Tentpole Director Says Paramount President Begged Him To Direct 'Transformers 3,' Plus The Dos & Donts Commandments Of 'Dark Of The Moon'
In the spring of 2009, just two months before "Transformers: Revenge of the Fallen," hit theaters and was roasted alive by critics (but succeeded massively at the box-office -- $836 million globally that year, but was a big Razzie winner too, including Worst Picture), director Michael Bay said he wanted to take a year off before making 'Transformers 3,' and make a "small" movie that was "Pulp Fiction"-like.
"I might do a small movie in between. [It is based on] a true story and it's very funny. It's a dark comedy," he said that year. Turns out that idea was based on a Miami News article called, "Pain & Gain" and it chronicled the true story about a group of Florida, steroid-abusing idiot bodybuilders who became involved in extortion ring and a kidnapping plot that went... wait for it... horribly awry.
But in the latest issue of Empire (some of it online, not all of it), Bay sharply dissociates himself from that idea, intimating he was drunk, or at least ideologically high when considering that idea. He also got some heavy convincing help to drop that idea from Paramount.
"I was one or two martinis in, talking about my 'small' film, when the president of Paramount said, 'Yeah, that's what we're here to talk about. I'm going to get fucking fired if I don't have a big franchise.' It was right when the economy was in the dump. When you do these movies you instantly give 2,000 jobs. So I was like, 'Okay -- as long as I can figure out how to get creatively excited about this.' "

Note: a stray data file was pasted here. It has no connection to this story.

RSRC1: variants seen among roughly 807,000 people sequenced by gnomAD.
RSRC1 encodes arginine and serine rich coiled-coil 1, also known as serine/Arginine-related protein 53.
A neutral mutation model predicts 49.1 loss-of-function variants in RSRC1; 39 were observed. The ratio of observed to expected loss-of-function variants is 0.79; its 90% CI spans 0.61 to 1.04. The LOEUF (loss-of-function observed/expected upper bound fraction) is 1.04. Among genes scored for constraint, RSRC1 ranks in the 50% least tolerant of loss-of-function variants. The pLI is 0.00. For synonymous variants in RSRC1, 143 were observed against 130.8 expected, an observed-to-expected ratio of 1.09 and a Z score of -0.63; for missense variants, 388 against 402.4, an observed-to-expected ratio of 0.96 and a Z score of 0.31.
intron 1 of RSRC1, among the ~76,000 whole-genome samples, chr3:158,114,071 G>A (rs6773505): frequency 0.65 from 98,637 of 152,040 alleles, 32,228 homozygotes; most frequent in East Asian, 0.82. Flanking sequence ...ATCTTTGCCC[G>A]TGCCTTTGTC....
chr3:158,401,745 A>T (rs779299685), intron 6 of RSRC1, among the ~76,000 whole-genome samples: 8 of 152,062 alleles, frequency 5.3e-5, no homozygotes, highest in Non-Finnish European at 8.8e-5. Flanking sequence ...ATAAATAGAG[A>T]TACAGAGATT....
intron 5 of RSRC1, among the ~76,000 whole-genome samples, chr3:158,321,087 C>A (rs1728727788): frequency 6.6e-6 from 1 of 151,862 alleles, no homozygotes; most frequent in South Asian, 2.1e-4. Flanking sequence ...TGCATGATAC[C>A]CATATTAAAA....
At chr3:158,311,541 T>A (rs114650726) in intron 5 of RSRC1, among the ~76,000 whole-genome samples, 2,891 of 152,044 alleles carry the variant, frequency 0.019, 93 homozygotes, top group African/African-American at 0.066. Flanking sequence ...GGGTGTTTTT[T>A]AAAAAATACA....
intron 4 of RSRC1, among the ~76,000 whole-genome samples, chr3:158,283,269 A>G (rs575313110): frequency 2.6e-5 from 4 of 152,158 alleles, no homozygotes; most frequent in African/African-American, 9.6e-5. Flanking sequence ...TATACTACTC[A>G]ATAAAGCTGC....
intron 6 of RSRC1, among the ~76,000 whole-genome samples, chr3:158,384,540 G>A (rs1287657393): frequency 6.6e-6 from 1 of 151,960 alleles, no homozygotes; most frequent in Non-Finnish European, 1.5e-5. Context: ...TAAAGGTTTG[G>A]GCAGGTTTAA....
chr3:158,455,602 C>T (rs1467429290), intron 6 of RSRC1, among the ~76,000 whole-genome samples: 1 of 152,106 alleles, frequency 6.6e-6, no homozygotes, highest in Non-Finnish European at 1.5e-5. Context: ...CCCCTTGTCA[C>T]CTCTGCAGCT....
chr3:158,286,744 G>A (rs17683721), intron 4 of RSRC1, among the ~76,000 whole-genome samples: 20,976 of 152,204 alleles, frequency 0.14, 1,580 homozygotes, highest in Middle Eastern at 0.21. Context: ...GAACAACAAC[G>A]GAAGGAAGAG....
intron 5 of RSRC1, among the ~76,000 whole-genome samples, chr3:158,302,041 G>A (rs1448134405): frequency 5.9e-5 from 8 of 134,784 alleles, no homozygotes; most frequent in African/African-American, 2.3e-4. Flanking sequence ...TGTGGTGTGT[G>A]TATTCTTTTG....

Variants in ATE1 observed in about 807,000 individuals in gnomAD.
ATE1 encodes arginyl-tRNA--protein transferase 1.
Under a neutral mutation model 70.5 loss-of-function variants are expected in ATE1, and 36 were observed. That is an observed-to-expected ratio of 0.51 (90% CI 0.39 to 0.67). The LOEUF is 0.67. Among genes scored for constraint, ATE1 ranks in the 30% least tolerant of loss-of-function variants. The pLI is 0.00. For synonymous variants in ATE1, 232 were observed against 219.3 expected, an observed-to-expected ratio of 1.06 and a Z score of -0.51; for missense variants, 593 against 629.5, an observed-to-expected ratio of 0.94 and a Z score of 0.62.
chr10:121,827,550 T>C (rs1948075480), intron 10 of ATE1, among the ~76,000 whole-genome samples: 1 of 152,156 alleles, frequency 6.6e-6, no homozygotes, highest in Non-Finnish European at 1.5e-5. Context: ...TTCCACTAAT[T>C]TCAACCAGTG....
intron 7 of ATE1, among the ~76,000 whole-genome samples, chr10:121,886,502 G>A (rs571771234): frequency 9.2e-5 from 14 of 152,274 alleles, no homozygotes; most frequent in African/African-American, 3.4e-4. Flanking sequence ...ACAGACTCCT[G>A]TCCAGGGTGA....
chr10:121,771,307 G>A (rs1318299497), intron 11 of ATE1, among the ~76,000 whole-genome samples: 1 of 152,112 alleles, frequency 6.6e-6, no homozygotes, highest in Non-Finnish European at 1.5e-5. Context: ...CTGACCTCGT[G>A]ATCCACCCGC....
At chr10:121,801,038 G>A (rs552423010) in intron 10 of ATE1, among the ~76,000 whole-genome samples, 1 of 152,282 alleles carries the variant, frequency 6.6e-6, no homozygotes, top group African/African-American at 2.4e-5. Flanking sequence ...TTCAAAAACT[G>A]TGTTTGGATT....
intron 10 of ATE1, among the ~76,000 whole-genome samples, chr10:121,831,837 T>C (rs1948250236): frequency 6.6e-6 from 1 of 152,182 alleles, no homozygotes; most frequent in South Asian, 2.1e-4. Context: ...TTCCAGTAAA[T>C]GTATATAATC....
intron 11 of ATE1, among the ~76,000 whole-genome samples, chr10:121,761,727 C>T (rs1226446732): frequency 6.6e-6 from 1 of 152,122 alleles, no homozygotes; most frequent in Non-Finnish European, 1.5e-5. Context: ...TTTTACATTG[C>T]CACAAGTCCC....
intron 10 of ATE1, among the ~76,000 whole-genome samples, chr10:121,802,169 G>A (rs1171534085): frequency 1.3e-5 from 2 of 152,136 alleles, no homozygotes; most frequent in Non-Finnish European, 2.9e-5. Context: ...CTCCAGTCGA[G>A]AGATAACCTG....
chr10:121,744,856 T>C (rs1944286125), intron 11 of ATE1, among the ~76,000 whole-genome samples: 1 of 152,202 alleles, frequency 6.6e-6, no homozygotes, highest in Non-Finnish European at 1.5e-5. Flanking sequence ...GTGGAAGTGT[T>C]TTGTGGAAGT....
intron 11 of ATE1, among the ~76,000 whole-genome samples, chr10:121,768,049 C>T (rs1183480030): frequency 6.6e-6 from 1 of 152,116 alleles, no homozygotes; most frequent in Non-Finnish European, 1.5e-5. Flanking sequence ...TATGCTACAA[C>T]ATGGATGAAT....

Before setting out to make a third 'Transformers' film, Bay also sat down and made a list with new screenwriter Ehren Kruger ("Scream 3" and "The Brothers Grimm" -- replacing Roberto Orci and Alex Kurtzman who seemed to want to distance themselves from 'Transformers 2' after the racist-robot-gate of '09) of the dos and donts of Transformers.
1. No sand
2. No "dorky" humor ("We wanted to make it a lot more serious, more adult," Bay said)
3. When robots die they are really going to die and we show that.
4. We're not bringing people back.
5. Give the robots more weight in the movie ("They were missed in movie two. We've given them a strong backstory, more pathos," he said)
Bay blames 'Revenge of the Fallen' on the 2008 writer's strike, the ripple effect of which echoed into 2009 and 2010. "We got shafted on that movie. The writer's strike was coming hard and fast. It was terrible to do a movie when you've got to have a story in three weeks. I was prepping the movie for months where I only had 14 pages and some idea of what the movie was. It's a BS way to make a movie, do you know what I'm saying?" Frankly, that's a raw deal for anyone, but we assume he knew the strike was going on and what he'd be getting himself into.
"Transformers: Dark of the Moon" hits theaters July 1, 2011. New scans also from Empire.